Notes from the University of Virginia American Studies Program state that “Although Wood's landscapes were received as idealized visions of America's heartland, a critical feature of the paintings is that they are pointedly not contemporary. America in the 1930s was in the grips of the machine age, erecting skyscrapers and building technological marvels like the Hoover Dam—yet machines do not enter into Wood’s landscapes.” Nor does Wood depict the sort of desperate toil and plight that would have been characteristic of the Great Depression from which the world was emerging.

While Wood was painting his final homages to the bygone simple farm life of his youth, agriculture was in the throes of major changes. Following a series of mechanical refinements during the 1930s that resulted in greater speed, power, and comfort, tractors began displacing farm horses and mules, though not outnumbering them until the early 1950s. Having reliable mechanical power in turn gave rise to related innovations and modifications to farm implements, enabling farmers to work faster and to farm more land.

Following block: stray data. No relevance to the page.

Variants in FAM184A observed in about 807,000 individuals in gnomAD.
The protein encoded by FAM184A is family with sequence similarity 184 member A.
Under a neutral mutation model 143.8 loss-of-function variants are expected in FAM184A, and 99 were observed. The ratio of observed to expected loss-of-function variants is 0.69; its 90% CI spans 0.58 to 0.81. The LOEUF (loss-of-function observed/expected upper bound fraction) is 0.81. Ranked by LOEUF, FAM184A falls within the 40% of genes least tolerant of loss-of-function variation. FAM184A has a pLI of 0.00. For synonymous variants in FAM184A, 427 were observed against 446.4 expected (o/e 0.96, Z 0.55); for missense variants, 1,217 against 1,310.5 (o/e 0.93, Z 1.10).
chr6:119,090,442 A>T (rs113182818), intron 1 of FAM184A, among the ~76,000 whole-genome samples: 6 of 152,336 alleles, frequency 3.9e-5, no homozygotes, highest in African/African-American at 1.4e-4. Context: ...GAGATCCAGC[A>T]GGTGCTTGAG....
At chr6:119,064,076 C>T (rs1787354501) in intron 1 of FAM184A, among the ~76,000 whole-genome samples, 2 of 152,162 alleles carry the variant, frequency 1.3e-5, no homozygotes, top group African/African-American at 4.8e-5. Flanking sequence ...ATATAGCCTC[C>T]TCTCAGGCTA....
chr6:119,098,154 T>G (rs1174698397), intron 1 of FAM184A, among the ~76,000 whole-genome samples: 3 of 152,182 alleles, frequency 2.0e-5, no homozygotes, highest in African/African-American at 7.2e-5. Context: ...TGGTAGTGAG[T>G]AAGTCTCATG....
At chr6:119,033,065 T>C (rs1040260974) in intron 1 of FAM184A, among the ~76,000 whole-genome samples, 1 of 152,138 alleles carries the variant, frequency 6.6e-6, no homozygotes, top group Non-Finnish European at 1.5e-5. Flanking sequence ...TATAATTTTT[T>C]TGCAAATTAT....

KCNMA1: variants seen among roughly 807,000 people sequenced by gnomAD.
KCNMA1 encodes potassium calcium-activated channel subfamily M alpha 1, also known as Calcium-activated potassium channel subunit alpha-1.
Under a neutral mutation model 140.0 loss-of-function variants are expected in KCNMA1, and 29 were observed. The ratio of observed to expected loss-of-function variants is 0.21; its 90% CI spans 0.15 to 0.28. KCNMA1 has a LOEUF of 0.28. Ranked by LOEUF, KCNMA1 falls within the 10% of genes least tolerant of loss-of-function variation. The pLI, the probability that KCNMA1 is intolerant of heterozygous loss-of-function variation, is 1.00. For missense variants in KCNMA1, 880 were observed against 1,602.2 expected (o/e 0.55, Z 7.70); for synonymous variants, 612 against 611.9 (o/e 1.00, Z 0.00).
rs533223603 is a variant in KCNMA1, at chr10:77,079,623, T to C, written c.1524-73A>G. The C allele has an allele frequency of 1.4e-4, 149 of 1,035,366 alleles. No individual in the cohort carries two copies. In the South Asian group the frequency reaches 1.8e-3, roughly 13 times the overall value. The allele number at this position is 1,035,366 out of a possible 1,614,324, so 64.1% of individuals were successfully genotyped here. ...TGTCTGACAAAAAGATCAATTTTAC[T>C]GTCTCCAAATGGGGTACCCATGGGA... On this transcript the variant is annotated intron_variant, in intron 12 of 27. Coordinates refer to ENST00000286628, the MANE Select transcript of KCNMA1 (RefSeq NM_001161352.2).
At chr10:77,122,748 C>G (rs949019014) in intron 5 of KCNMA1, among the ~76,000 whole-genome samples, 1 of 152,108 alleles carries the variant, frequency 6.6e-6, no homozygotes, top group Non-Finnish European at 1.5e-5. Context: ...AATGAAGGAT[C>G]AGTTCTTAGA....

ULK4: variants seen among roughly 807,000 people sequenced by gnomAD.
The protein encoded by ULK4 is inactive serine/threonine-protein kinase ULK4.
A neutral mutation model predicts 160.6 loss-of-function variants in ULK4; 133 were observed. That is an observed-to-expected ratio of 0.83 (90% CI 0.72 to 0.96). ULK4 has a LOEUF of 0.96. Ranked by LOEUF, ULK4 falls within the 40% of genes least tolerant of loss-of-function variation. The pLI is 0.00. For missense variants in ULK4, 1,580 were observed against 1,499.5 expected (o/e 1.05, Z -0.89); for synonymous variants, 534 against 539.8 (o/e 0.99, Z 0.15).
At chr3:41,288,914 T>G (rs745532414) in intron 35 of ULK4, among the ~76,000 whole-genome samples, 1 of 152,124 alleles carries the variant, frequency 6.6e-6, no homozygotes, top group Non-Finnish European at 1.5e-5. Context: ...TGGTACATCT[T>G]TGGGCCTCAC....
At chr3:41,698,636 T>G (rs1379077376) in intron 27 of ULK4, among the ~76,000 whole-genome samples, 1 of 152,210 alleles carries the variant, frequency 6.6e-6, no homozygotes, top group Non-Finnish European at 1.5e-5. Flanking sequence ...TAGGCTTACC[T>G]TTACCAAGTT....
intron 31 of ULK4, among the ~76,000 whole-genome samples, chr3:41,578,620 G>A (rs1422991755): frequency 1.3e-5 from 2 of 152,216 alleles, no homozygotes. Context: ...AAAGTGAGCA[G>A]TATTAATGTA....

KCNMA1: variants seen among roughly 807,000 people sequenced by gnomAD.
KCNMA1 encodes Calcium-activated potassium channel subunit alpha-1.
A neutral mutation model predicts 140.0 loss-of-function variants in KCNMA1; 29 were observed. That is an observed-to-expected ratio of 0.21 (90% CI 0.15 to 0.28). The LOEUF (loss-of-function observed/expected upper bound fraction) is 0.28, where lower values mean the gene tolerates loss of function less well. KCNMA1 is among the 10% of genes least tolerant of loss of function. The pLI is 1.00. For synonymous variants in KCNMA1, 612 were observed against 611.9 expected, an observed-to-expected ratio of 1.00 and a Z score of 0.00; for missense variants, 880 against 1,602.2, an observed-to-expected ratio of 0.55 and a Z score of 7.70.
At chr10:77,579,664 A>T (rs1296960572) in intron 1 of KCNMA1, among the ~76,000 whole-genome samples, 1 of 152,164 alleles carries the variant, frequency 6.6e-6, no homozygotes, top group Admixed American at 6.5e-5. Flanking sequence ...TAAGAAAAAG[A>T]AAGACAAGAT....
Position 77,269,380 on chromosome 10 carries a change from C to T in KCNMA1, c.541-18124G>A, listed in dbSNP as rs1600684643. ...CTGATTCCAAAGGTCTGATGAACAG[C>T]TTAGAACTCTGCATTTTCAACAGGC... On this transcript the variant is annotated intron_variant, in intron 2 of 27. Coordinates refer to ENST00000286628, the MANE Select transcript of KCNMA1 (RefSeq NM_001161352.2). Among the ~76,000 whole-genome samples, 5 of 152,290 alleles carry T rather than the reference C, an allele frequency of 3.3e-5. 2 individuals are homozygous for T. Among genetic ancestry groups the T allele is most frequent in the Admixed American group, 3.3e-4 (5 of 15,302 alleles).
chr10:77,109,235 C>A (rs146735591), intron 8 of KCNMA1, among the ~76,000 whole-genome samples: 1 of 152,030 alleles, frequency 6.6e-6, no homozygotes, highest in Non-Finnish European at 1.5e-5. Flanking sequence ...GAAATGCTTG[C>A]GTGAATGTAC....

Agriculture-related innovation during that time also led to the development of new varieties of crops and livestock, more effective pesticides, improved fertilizers, and better irrigation techniques. Among the dynamic, global forces that accelerated changes in food production and farming were the burgeoning expansion of mass transportation, shifts in population from rural to urban areas, and, of course, the demands and difficulties that resulted from World War II.1 What were once local or regional enterprises now operated on national and global scales.